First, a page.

Stephen Hester Bonus: Government Is 'Protecting Taxpayer', Says Danny Alexander
The Government was "protecting the taxpayer" by allowing the Royal Bank of Scotland bonus for chief executive Stephen Hester to go ahead, the Chief Secretary to the Treasury said today.
Danny Alexander suggested blocking the payout by stepping in to directly control the arm's-length operation would have potentially triggered bigger financial risks.
The Liberal Democrat said the Government had "looked at all the options in terms of how we should deal with" the bonus.
He told the BBC's Sunday Politics with Andrew Neil: "In this case, the judgment we had to make was should we go further, as many of us would like to, and say let's have no bonus at all?
"Have the Government taking control directly of RBS, and therefore causing potentially much bigger financial risks to the taxpayer?
"And in the end the calculation, from the point of view of protecting the taxpayer, is it was better to ensure that that didn't happen to RBS, given that there are tens of billions of pounds of your money and all your viewers' money tied up in this."
Work and Pensions Secretary Iain Duncan Smith said there would be "chaos" if the Government got rid of the bank's board.
He told BBC1's Andrew Marr Show: "The reality is the contract we inherited from Labour meant that very clearly the board takes the decision on this, you can't interfere and tell them what to do.
"If we didn't like that then, of course, the only option would be to get rid of the board. Now, if you do that, imagine what would happen in the banking sector and imagine what would happen to RBS. You'd have chaos."
Mr Duncan Smith said it was for Mr Hester "individually to make a decision about" whether to accept his bonus.
He added: "Nobody would be happy with the Government if, of course, he took such decisions, but it's up to him."
Lord Turner, chairman of the Financial Services Authority, and its chief executive Hector Sants will report to the Commons Treasury committee tomorrow on RBS.
Speaking to Sky News from the World Economic Forum in Davos, Switzerland on Friday, Lord Turner said that excessive bonuses are "not good for society".
Mr Hester is facing mounting pressure to follow the bank's chairman, Sir Philip Hampton, and waive his bonus.
Sir Philip, chairman of RBS since 2009, had been on course to claim 5.17 million shares in the financial institution in February, but it is thought he told the bank's remuneration committee it would "not be appropriate" for him to take a £1.4 million payout.
It also emerged that a double bonus scheme could greatly inflate Mr Hester's £1.2 million annual salary to a possible £8 million over the coming years.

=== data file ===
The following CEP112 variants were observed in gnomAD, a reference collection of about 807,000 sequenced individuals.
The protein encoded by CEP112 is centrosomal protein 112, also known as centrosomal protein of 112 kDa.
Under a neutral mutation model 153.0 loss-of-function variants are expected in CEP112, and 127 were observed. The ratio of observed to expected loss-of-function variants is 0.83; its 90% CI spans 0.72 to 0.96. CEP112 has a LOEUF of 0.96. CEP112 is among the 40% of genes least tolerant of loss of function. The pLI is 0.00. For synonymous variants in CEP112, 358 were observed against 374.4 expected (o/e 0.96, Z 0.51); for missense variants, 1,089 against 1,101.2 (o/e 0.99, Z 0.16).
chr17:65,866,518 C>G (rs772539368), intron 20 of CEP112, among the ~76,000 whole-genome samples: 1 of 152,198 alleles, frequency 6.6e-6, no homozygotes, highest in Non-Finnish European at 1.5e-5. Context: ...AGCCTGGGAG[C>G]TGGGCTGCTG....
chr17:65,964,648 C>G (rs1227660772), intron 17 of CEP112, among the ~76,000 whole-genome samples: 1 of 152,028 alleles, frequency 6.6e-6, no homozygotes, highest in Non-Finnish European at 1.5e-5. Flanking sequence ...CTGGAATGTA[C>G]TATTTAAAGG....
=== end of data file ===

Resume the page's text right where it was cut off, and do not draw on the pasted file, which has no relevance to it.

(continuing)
The bank chief is entitled to both short-term bonuses and long-term incentive bonuses based on factors such as performance and meeting targets.
The £963,000 he was awarded last week was a short-term bonus equalling 3.6 million shares, relating to the 2011 calendar year.
Short term bonuses are capped at 200% of his annual salary, so his last payout was not as large as it could have potentially been.
The long term scheme is based on the previous three years, so Mr Hester is approaching the point at which it can come into effect.
It is thought the long term bonus could potentially reach £6.4 million. Mr Hester's combined salary and bonus earnings could therefore reach £8 million but it is unlikely that maximum target will be met.
Prime Minister David Cameron yesterday sidestepped calls to block Mr Hester's award, saying: "It is a matter for him."
Speaking at Chequers, the Prime Minister told journalists: "It's obviously his decision. My decision is to make sure the team at RBS get on with the job of turning the bank round and we made our views very clear on the bonus and that's why it was cut in half compared to last year."
But he was accused of trying to "have it both ways" by shadow business secretary Chuka Umunna.
He said: "It is staggering that ministers should have allowed themselves to get into such a quandary over the Hester bonus given they knew it was in the offing for many months and would be a matter of immense public interest.
"Ministers infer there would have been 'chaos' and that the board of RBS would have resigned if prohibited from paying out a huge sum by way of bonus to the RBS chief executive when there is little evidence to support this.
"Instead, the chairman of the board has responded to mounting public criticism by giving up the £1.4 million worth of shares he was due to receive himself next month.
"Ministers want to have it both ways - on the one hand they seek to take credit for the reduction in the total amount of bonuses paid out across RBS since they came to office, on the other hand they tell the British people they can't do anything about excess at the top of this publicly owned bank."